Couple doing finances together
Financial Literacy

Want to get on the right side of debt? These pro tips can help

The current financial climate can make it difficult to stay ahead of your bills. But by following a few simple rules, you can set yourself on much firmer footing

Couple doing finances togetherBefore looking for ways to manage debt, you need to gain a true picture of where you currently stand (Getty Images/Brothers91)

Even at the best of times, keeping on top of personal spending can be a challenge for many people. But in the current climate, which carries a high dose of inflation as well as high interest rates, it’s naturally even harder to stay on the right side of debt.

“Consumers are feeling the pinch,” says CPA Ilan Kibel, partner and senior vice-president at BDO Canada. “Soon we may see a lot of people having to do something to manage their debt, whether it’s filing for bankruptcy or submitting a consumer proposal.”

No matter what the economic future may hold, however, there are ways to keep on top of your debt before it gets out of hand. Here are some of them.


Before looking for ways to manage debt, you need to gain a true picture of where you currently stand, says CPA Richard Fillion, a financial planner and president of Rest Assured Financial Inc. And to do this, it’s helpful to prepare both a cashflow statement and a budget. The cashflow statement tracks what money is coming in and where it is going out, and the budget shows where you want your money to go in the future. “These tools have always been important but are even more so in today’s cashless society,” he says.

Of course, even the best designed budget won’t be of any use if you don’t actually compare it to your actual income and spending. “This is the toughest part,” says Kibel. “I find a lot of people prepare budgets and then throw them in their bottom drawer.”


As Fillion points out, it is important to be able to differentiate needs (food, shelter, clothing, and so on) from wants. “People often say they deserve a new car because they have never had one before, or that a new vehicle is cheaper than repairs on our current one. But no one deserves something just because they have never had it before, and it is usually not true that purchasing is cheaper than fixing. One way to make sure we really value something is to wait a few days to see if we still feel the same way about it when it is not dangled in front of us.”


People buy based on emotion rather than logic, says Kibel. “They think buying is a therapeutic tool when in the long run, it can actually be more harmful than therapeutic. That’s why it’s so important to be conscious of every buying decision you make. Otherwise, things will get even more emotional down the line when you realize that you’ve got to deal with a debt problem and don’t know where to turn. Carrying this financial burden can play havoc with your mental and physical health.”


Balances on credit cards can take 10 years or more to pay off when you make only the minimum payment. For that reason, both Fillion and Kibel say people should consider credit cards not as a replacement for debt, but as a replacement for cash. “If you know you can go home that day and pay off your purchase, then use your credit card. If you couldn’t, then don’t use it,” says Kibel.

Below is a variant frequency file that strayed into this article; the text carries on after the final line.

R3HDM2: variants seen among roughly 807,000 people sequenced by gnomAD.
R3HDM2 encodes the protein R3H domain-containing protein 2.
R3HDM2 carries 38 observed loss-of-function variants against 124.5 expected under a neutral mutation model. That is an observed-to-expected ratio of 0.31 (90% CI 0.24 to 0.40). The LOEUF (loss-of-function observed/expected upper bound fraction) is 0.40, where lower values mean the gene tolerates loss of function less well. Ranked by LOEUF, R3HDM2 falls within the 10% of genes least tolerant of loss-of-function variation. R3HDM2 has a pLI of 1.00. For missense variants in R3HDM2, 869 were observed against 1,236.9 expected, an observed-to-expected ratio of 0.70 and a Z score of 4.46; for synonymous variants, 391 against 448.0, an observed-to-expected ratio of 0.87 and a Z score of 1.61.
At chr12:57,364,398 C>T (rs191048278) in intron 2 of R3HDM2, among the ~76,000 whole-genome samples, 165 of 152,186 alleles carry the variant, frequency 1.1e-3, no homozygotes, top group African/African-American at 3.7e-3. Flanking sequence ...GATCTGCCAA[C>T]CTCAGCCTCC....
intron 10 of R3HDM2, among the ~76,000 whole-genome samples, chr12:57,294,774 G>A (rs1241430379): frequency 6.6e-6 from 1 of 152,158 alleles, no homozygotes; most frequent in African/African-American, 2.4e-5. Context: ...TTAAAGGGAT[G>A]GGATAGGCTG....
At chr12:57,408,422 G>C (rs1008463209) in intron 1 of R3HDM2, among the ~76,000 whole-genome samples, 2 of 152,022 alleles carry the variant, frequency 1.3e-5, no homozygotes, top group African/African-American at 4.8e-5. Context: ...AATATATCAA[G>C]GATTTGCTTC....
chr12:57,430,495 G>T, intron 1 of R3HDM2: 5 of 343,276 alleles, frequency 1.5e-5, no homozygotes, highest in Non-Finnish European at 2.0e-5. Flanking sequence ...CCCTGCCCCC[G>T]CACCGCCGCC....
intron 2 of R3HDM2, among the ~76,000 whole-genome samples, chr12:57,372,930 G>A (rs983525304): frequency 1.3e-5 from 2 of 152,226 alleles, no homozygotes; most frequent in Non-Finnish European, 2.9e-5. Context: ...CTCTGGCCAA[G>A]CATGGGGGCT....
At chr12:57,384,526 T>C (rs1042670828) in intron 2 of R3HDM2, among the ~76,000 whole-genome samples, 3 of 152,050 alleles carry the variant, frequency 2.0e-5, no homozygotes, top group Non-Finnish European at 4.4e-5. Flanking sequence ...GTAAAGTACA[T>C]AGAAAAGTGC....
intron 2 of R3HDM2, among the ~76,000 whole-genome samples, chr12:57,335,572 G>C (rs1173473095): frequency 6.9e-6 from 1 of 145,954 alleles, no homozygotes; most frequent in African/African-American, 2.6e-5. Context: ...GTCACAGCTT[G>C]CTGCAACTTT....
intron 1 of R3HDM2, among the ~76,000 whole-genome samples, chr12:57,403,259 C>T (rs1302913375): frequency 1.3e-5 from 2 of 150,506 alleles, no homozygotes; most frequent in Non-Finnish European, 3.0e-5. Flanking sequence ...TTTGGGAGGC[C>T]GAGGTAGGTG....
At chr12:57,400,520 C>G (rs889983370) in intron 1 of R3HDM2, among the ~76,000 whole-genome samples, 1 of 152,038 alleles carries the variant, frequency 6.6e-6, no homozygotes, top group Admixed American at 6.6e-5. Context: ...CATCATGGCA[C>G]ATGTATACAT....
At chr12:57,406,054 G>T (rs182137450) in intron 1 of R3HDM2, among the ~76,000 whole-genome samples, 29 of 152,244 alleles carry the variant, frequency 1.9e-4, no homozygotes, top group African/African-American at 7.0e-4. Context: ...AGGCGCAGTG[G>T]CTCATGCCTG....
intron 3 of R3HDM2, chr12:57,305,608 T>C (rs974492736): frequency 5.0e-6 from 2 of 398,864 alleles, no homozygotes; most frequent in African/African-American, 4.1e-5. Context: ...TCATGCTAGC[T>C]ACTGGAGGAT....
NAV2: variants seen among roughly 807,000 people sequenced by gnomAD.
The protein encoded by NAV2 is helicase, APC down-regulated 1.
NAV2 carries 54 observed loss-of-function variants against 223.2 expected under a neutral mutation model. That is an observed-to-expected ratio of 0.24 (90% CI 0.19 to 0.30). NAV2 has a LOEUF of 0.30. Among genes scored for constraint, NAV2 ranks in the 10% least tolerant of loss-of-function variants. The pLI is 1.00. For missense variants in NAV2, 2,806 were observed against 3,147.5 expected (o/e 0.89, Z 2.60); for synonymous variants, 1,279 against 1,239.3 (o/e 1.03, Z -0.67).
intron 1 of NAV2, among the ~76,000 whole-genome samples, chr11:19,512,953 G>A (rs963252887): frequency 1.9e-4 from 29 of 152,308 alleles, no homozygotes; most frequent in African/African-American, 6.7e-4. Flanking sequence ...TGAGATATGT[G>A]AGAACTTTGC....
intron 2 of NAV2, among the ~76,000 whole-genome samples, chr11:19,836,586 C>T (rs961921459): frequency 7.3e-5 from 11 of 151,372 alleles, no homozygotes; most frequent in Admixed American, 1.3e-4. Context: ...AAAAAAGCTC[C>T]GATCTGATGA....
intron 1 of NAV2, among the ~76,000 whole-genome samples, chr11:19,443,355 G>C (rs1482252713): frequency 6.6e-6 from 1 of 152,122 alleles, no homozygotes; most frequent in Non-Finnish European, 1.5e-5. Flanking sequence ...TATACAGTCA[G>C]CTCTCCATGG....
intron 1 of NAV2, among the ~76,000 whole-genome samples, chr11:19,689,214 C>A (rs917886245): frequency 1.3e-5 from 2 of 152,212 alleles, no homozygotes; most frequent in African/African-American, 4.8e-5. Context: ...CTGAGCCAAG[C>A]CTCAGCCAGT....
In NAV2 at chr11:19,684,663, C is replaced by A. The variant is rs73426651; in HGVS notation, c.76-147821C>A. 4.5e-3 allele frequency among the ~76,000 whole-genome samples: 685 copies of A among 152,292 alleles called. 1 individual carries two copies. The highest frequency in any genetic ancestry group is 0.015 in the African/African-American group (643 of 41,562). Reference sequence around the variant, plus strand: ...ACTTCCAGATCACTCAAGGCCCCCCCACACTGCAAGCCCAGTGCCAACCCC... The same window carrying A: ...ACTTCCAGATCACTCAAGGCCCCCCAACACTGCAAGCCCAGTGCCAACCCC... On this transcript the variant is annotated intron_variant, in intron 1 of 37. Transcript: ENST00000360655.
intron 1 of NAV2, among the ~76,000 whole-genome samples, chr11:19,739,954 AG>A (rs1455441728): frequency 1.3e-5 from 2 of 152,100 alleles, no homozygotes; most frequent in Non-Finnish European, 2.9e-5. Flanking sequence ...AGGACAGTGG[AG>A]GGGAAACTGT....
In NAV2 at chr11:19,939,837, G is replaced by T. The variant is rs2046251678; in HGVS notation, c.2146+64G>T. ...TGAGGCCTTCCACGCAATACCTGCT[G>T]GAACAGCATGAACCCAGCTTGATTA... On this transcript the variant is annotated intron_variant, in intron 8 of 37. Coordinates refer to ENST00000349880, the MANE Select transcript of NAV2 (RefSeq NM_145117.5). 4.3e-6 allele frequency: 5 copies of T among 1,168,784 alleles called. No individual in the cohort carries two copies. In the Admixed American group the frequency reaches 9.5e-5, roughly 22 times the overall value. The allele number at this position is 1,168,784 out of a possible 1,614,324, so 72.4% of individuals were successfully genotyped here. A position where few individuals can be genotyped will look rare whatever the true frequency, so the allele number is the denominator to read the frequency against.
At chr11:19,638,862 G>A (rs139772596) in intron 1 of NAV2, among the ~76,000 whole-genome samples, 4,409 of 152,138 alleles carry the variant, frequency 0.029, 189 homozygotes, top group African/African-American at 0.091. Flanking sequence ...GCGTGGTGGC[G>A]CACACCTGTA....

When using financing, it’s important to add the interest costs to the cost of the item, says Fillion. “That will allow you to decide whether the purchase makes financial sense and whether you really need it at this additional cost. For example, if you buy a vehicle for $40,000 with financing at eight per cent to be paid in equal monthly payments for five years, the full cost of the vehicle will be closer to $50,000.”


For a home, you can usually pay about three times your family income (four times if you are quite certain your income will soon rise significantly), says Fillion. “This allows for potential increases in interest rates and leaves some breathing room for other needs. You should aim to pay off your house in less than 20 years even if the amortization period is for 25 years.”

For vehicles, Fillion says you should have the money in your budget to pay off any potential purchase within three years, even if it is financed for longer. “Take the cost of the vehicle divided by 36 months to see if it is affordable given your other expenses in life.”


It’s useful to review the subscriptions you pay automatically every month, and potentially get rid of some, says Kibel. “Rather than pay even $20 for something you don’t use, you could set up an automatic payment for that amount into your line of credit or other debt account. Over time, that will reduce the interest you pay.”


Many people miss out on opportunities to negotiate better deals with service providers, says Kibel. “But it doesn’t hurt to ask. For example, I recently upgraded my family cellphone plan because it saved us $100 to $150 a month over the former plan.” He adds that whenever he goes to a store, he asks for a discount. “My kids cringe when I do this, but nine times out of 10, I get the discount.”


If your high-interest debt is adding up to the point where it is getting too difficult to handle, you might want to work with a professional financial adviser to find a solution that works for you. “There are a number of options—from debt consolidation to filing a consumer proposal,” says Kibel.

Of course, if you get a handle on your finances early, you likely will never get to the point where you need to consider a debt repayment plan.

“Managing our finances responsibly can at times force us to make decisions we would rather not make,” says Fillion. “But the payoff—a worry-free financial life—is priceless.”


Listen to the latest season of the Mastering Money podcast, which touches on debt-related topics, including the state of debt in Canada and debt traps to avoid. And find out how to get on the right side of debt before it gets ahead of you.